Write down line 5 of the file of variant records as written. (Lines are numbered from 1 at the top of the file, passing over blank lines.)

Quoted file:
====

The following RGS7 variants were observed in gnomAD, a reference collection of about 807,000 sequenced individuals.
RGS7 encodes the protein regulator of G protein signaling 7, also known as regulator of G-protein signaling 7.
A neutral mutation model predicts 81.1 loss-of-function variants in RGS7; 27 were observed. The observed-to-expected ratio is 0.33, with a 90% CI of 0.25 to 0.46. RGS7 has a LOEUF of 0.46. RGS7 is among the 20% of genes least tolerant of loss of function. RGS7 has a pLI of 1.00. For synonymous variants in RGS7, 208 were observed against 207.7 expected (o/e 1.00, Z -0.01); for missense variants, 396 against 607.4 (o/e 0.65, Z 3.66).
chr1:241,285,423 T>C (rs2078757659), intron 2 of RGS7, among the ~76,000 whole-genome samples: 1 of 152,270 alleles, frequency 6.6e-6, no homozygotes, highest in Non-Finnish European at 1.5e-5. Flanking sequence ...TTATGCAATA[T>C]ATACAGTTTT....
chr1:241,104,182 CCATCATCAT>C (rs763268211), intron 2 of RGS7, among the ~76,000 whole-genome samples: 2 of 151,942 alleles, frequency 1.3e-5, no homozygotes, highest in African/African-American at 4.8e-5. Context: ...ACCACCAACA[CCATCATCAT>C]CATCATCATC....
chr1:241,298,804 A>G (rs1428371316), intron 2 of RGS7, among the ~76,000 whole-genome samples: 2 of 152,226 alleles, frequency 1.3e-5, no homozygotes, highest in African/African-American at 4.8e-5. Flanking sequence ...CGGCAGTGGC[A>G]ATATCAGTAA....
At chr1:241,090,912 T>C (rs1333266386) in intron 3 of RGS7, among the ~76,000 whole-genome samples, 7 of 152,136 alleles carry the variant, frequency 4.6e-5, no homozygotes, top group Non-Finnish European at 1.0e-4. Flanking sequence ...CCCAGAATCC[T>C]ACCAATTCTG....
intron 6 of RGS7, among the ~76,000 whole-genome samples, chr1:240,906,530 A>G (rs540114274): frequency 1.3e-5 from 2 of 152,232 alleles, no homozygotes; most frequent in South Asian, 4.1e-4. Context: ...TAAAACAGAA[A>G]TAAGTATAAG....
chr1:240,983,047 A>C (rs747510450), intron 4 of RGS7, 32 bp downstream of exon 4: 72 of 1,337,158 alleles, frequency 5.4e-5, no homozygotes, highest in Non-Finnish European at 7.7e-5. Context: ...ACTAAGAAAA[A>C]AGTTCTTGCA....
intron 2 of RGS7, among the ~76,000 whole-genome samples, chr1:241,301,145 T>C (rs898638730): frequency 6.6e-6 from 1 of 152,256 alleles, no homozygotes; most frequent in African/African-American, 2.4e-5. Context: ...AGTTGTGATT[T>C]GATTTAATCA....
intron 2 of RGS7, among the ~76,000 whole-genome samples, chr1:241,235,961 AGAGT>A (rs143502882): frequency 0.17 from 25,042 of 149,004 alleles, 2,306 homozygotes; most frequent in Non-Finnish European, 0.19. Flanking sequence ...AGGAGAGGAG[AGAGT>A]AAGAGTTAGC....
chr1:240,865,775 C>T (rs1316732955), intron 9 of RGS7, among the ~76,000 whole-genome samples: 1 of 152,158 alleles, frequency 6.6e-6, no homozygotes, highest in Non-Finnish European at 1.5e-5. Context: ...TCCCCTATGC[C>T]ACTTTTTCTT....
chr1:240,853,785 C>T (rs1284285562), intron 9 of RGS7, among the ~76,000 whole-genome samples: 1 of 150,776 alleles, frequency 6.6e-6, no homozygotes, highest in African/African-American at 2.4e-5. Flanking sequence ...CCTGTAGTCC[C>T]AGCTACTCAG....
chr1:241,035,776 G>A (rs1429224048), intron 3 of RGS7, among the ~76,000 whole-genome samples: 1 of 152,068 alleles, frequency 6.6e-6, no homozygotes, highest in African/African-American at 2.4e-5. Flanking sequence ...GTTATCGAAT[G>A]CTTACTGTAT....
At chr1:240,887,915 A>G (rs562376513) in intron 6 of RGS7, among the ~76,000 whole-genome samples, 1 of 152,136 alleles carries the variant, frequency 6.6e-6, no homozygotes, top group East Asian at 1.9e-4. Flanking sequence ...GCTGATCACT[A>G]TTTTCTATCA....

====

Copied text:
chr1:241,104,182 CCATCATCAT>C (rs763268211), intron 2 of RGS7, among the ~76,000 whole-genome samples: 2 of 151,942 alleles, frequency 1.3e-5, no homozygotes, highest in African/African-American at 4.8e-5. Context: ...ACCACCAACA[CCATCATCAT>C]CATCATCATC....